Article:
My WIP [Writing in Progress] is a nonfiction story about a Polish-born American patriot and hero, Casimir Pulaski. A soldier on horseback, Pulaski came to America to help the colonists win the American Revolution.

 

I Find Mentor Texts By:

* Searching at the library and in bookstores

* By asking for book recommendations from writerly friends

 

Mentor Texts:

  1. Provide models for me to examine and study stellar books that exemplify quality.
  2. Have the power to help me grow as a better writer.
  3. Demonstrate the importance of choosing the right words to depict believable characters and showcase outstanding beginnings, middles and ends.
  4. Stimulate creativity and interest.

headshot

I am a wife who is adored by my husband, Perry. We are proud parents of five boys and three daughters in law. Pa Perry and Oma Sue [grandparents] enjoy spending time with their seven sweet, smart grandkids, who reside in Texas.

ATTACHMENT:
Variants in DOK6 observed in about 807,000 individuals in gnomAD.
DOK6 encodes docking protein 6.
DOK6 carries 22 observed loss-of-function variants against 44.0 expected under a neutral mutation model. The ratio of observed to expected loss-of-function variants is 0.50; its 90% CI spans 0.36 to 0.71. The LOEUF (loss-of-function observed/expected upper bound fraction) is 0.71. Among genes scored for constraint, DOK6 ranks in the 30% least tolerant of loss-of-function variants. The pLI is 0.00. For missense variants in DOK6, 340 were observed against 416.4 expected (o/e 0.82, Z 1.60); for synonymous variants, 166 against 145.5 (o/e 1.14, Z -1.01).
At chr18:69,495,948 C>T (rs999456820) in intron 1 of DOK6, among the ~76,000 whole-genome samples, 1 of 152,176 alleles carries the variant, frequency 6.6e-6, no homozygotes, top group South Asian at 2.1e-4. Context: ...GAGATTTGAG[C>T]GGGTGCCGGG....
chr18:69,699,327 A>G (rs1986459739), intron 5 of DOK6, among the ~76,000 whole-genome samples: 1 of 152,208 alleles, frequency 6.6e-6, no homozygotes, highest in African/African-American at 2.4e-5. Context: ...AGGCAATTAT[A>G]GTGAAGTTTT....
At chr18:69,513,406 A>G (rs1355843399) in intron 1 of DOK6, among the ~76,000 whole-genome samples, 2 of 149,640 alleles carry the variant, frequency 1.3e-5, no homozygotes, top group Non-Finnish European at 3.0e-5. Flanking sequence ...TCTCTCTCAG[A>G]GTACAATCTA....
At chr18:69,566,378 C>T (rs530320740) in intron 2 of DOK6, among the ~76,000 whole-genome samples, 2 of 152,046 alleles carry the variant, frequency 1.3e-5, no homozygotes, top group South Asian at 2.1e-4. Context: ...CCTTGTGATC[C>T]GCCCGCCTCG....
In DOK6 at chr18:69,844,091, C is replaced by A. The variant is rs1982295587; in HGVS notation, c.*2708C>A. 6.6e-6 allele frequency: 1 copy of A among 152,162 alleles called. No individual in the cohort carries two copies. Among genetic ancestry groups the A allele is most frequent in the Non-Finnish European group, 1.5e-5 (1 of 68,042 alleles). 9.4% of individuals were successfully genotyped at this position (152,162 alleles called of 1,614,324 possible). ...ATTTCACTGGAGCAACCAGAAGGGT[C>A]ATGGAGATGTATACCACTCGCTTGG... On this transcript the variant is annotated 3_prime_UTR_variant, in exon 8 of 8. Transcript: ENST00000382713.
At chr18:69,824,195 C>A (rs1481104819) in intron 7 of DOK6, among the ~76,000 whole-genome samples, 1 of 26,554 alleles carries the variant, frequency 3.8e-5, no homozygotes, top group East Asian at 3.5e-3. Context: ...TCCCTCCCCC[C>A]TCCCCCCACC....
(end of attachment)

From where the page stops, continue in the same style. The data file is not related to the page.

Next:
I am an educator of hundreds of students, throughout the years in San Antonio, Texas, from preschool through eighth grade. I also taught at the college level at The University of Incarnate Word College. Additionally, I planned and presented many workshops for administrators and co teachers on staff development days. The highlight of my career was reading and writing with ELLs [English Language Learners] from various countries, including Sweden, Cambodia, Thailand, Germany, Columbia, Mexico and many more. I earned a Bachelor of Science degree in Elementary Education, a Bilingual certification, Reading Recovery certificate, and a Master’s of Science in Reading.

Currently, I read and write with kids in our community. I provide after school and summer school lessons with Mrs. Sue for six elementary aged students.